The upcoming 2024 election is about to heat up, as the first of two planned presidential debates between Joe Biden and Donald Trump is set to air on CNN on June 27. What can consumer data tell us about plans to follow the presidential debate? Here are three key insights to know ahead of the event.

How Americans Will Watch

Exclusive data from CivicScience reveal that just over 4-in-10 U.S. adults plan to watch or listen to some or all of the debate as it broadcasts live on CNN next week, with an additional 12% intending to catch the debate after it airs. That brings total intended viewership to just over half of the population. The other half is split between those who will be following coverage of the event in the news and those who don’t plan to follow the debate at all.

Nearly equal percentages of Democrat and Republican voters will be tuning in, with Republicans slightly more likely to watch the debate live. Those who lean independent or moderate are more of a wild card.

Get a deeper read on the data with the latest CivicScience Election Mindset Tracker.

Cast Your Vote: How important do you think it is to have presidential debates before the 2024 presidential election?

Streamers and Young Adults Less Likely to Watch Live

Many will be tuning into CNN for the live debate, but how they’ll get there varies. Viewers are most likely to be consumers that typically watch live TV via cable, satellite, or Telco services, making up close to half of the likely viewer base. Those who watch live TV through streaming services make up a smaller portion of next week’s viewers.

This goes hand-in-hand with additional data that show younger audiences (under 35), who are more likely than older adults to have cut the cord on cable for streaming, are the least likely to watch the debate live. In fact, the percentage of the under-35 crowd who will watch or listen to the debate after it airs, or just plan to follow news about it instead, outnumbers those who plan to watch it live.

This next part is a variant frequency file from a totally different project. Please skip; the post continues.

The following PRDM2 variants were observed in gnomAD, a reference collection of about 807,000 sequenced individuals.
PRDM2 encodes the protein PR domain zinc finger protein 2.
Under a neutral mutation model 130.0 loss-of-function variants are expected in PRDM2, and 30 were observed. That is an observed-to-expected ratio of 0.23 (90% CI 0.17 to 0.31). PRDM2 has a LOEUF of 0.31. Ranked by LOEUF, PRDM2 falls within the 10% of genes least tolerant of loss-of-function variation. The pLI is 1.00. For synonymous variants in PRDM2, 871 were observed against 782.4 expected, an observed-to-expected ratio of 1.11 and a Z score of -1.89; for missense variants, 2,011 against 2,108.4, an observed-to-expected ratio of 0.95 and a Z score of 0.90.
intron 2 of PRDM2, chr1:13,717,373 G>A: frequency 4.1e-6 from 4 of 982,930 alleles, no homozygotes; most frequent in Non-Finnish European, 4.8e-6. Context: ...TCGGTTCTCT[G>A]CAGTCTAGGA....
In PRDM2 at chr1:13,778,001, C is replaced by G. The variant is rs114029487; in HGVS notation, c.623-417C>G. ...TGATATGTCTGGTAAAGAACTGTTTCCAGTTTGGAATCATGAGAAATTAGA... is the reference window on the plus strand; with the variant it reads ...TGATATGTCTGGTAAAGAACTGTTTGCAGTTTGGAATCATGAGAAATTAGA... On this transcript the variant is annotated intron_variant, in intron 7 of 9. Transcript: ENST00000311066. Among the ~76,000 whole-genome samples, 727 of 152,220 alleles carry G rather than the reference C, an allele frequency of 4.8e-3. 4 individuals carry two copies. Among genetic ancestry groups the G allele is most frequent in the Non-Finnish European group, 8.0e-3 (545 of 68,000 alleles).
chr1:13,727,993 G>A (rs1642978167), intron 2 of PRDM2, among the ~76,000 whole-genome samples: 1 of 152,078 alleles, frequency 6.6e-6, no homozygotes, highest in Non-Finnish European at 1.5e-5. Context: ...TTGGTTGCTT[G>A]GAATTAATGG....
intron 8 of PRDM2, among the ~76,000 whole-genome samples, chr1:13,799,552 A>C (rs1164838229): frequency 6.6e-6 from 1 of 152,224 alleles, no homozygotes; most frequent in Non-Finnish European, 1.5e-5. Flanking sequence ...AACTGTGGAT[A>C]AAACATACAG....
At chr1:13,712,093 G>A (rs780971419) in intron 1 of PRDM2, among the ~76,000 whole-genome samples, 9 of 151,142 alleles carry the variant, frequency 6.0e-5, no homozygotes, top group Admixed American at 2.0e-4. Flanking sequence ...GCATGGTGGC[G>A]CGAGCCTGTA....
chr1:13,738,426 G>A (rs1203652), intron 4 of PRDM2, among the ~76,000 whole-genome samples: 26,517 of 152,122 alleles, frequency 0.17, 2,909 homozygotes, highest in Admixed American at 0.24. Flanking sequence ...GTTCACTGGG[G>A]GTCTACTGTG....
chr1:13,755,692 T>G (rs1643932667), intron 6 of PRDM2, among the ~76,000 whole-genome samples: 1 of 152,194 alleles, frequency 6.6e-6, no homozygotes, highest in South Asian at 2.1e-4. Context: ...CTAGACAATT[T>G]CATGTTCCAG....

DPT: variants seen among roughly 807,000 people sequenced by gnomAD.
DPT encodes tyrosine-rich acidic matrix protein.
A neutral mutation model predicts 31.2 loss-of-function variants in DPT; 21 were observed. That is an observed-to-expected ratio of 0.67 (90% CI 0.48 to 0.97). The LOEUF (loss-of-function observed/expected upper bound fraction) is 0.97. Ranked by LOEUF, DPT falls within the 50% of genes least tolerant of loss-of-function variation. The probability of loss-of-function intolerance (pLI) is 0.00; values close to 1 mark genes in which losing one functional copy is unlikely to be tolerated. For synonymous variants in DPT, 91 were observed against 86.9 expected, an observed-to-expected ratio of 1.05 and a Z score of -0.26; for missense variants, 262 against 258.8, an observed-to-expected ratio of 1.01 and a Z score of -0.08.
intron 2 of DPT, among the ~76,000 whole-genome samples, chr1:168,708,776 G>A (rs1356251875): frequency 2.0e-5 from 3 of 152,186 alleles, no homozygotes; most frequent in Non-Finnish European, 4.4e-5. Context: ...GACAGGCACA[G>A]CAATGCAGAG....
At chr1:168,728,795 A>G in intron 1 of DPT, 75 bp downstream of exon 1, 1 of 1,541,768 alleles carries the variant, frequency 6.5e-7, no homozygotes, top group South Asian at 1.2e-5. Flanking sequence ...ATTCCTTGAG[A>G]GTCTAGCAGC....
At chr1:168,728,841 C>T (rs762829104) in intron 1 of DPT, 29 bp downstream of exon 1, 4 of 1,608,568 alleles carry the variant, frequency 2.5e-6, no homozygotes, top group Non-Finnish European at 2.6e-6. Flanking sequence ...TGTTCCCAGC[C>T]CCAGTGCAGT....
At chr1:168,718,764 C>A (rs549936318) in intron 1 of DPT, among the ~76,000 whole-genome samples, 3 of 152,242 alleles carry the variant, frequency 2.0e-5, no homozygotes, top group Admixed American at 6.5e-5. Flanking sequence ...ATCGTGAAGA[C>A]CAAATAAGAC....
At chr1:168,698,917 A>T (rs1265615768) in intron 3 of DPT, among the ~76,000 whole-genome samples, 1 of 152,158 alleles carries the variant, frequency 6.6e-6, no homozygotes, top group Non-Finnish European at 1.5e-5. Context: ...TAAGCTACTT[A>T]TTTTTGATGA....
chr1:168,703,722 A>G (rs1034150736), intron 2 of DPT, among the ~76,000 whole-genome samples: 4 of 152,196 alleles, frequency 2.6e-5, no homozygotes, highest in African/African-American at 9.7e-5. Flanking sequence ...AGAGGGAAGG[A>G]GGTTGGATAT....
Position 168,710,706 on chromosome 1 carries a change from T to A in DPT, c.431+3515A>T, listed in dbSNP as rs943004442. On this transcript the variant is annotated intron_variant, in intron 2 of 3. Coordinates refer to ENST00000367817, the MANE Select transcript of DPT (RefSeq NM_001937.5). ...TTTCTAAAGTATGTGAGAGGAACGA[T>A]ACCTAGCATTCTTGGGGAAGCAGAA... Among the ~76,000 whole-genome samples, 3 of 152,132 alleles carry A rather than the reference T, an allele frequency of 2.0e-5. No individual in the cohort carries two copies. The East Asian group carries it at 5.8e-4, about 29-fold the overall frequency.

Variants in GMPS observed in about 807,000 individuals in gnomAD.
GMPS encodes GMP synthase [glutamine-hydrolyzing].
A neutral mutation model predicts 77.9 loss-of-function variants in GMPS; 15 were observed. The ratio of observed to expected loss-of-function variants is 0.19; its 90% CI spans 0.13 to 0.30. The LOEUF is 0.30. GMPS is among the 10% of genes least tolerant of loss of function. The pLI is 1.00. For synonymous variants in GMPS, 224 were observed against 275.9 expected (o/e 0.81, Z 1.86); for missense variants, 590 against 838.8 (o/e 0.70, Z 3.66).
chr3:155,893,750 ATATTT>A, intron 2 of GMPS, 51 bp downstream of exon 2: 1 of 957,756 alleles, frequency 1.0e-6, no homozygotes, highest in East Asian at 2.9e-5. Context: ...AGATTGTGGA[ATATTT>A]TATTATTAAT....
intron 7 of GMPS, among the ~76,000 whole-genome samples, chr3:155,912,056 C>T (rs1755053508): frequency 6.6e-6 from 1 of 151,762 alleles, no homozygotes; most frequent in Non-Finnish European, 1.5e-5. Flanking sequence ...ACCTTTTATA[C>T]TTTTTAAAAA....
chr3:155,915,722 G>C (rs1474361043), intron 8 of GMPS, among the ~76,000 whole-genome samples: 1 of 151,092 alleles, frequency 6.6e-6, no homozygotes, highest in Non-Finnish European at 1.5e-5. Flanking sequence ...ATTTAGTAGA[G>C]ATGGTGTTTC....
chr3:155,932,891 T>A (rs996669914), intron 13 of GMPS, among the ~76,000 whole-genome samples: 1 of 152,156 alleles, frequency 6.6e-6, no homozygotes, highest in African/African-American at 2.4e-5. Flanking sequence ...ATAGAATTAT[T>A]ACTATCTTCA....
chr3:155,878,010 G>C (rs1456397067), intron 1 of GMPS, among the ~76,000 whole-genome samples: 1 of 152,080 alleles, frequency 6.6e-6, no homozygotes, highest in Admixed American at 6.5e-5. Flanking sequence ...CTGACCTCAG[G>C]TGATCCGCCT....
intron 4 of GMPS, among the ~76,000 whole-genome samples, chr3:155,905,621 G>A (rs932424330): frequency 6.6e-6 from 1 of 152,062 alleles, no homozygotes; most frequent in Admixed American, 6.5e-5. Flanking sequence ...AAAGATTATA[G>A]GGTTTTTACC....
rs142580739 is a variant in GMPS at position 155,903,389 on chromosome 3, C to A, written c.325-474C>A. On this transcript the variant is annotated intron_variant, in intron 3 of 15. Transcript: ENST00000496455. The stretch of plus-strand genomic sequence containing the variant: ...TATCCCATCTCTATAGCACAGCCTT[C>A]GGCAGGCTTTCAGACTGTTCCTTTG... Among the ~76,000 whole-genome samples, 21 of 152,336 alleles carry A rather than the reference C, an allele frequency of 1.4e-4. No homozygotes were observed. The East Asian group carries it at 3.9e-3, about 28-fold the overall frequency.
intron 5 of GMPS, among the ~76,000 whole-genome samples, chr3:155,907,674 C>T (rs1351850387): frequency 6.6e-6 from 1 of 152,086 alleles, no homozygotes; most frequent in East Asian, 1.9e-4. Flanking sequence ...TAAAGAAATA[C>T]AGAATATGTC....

The debate is also likely to attract a percentage of those who don’t typically watch live television, as well as those who watch live TV with an antenna (and who will have to find another way to tune into CNN).

For more about how marketers and advertisers can reach antenna viewers, check out the CivicScience Over-the-Air Audience Tracker.

Additional insights to know:

  • Consumers who prefer to watch CNN for national news are the most likely to follow the debate live (59%), although Fox News viewers are not far behind (56%).
  • Wealthier earners ($100K or more yearly) are significantly more likely than lower-income earners ($50K or less yearly) to watch the live debate or follow the debate at all.
  • Americans who are concerned about inflation are twice as likely to tune into the live debate compared to those who are not concerned, ranking as the top election issue voters are following.

Weigh In: Do you think President Biden or former President Trump will win their first debate on June 27?

How Undecided Voters Will Follow the Debate

Undecided voters are going to play a key role in the 2024 presidential rematch. While two-thirds plan to follow the debate in some way, just 31% of those undecided on their presidential vote are planning to watch the live broadcast. People decided on their vote for either Trump or Biden are far more likely to watch the live debate and follow it in general, suggesting the showdown is more important to these folks than those still on the fence.

Undecided voters are a needle in the haystack, and reaching them across multiple platforms is increasingly challenging. CivicScience’s always-on polling and first-party data solutions capture and track key audiences in real-time, including topics and concerns driving voter behavior, to power high-performing ad campaigns.